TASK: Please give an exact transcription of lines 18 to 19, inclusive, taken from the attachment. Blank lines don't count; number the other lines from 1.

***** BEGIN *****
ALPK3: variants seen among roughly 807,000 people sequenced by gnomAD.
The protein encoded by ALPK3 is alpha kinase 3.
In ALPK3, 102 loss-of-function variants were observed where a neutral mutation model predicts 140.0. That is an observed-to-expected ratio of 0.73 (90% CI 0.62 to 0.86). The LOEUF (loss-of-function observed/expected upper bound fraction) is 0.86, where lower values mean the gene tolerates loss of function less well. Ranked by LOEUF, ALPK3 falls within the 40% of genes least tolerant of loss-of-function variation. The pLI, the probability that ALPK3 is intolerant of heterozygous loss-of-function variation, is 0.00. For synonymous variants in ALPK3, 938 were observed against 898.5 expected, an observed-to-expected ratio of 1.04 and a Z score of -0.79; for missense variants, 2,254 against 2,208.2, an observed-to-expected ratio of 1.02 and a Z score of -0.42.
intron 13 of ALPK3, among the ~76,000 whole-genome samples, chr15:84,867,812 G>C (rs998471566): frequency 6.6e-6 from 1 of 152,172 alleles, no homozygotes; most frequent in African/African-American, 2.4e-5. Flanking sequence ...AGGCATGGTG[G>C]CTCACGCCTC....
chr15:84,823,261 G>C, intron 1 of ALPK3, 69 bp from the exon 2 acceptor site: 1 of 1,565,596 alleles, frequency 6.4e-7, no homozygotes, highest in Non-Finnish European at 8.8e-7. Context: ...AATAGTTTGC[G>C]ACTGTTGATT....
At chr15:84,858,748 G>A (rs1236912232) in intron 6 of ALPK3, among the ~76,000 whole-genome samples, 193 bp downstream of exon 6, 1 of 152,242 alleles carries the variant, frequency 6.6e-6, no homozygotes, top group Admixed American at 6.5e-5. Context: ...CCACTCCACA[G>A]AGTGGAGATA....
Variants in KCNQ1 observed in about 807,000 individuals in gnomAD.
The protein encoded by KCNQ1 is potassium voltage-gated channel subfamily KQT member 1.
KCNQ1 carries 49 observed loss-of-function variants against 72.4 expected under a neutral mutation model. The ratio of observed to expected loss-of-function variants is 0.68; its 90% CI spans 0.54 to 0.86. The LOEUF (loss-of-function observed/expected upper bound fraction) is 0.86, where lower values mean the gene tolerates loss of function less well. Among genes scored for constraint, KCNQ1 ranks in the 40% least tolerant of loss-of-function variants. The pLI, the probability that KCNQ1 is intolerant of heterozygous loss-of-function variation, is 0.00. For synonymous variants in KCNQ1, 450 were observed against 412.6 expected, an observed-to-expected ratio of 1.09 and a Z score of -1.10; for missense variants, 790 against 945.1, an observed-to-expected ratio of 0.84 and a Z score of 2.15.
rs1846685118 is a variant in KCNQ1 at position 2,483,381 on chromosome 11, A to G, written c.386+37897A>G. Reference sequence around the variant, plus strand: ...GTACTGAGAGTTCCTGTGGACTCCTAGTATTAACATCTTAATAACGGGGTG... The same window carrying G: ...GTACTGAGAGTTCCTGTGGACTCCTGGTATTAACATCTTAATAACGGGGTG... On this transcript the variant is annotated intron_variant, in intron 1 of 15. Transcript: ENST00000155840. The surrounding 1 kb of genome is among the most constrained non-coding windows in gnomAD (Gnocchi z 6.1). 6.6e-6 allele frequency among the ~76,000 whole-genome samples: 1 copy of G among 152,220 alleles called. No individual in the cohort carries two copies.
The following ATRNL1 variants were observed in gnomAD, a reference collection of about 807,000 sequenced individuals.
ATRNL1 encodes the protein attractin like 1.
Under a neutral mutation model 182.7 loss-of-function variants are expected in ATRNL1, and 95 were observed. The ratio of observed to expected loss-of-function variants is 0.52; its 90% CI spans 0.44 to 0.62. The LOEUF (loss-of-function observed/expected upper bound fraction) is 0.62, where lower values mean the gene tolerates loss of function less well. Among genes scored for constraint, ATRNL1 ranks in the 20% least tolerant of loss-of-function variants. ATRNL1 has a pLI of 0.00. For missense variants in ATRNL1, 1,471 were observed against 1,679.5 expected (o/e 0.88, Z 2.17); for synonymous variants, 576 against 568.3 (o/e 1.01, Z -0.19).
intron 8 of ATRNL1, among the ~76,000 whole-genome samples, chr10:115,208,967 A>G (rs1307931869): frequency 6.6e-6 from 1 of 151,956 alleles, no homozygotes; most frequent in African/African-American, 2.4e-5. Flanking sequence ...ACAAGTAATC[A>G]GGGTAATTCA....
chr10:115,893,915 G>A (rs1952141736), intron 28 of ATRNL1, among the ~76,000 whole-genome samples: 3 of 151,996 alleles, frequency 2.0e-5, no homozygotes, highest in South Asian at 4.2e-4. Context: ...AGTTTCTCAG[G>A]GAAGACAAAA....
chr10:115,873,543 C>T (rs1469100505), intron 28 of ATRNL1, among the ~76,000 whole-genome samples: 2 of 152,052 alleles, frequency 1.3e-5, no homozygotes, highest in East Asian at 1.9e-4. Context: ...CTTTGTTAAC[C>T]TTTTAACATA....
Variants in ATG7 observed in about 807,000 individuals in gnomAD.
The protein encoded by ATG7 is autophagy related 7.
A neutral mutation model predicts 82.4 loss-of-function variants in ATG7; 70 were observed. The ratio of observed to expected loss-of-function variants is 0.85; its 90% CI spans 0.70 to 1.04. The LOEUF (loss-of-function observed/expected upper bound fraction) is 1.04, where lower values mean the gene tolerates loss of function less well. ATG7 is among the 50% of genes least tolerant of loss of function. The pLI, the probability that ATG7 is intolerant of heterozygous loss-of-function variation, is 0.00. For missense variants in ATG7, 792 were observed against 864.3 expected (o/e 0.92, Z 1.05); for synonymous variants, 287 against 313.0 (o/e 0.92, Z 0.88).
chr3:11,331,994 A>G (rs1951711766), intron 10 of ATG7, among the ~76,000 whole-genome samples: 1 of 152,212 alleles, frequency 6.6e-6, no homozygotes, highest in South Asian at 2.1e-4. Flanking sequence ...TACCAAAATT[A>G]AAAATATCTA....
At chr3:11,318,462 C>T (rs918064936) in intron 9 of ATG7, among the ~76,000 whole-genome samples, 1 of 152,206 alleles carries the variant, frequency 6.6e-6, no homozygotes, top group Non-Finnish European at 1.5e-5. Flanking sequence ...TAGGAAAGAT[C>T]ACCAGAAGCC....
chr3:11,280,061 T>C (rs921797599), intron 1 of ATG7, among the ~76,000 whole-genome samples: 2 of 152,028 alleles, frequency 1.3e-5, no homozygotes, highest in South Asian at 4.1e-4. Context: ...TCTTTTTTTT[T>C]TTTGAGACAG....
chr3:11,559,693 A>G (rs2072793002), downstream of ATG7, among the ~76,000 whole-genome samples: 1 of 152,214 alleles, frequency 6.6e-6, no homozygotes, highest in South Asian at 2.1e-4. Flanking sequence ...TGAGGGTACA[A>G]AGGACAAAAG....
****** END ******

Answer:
The protein encoded by ATG7 is autophagy related 7.
A neutral mutation model predicts 82.4 loss-of-function variants in ATG7; 70 were observed. The ratio of observed to expected loss-of-function variants is 0.85; its 90% CI spans 0.70 to 1.04. The LOEUF (loss-of-function observed/expected upper bound fraction) is 1.04, where lower values mean the gene tolerates loss of function less well. ATG7 is among the 50% of genes least tolerant of loss of function. The pLI, the probability that ATG7 is intolerant of heterozygous loss-of-function variation, is 0.00. For missense variants in ATG7, 792 were observed against 864.3 expected (o/e 0.92, Z 1.05); for synonymous variants, 287 against 313.0 (o/e 0.92, Z 0.88).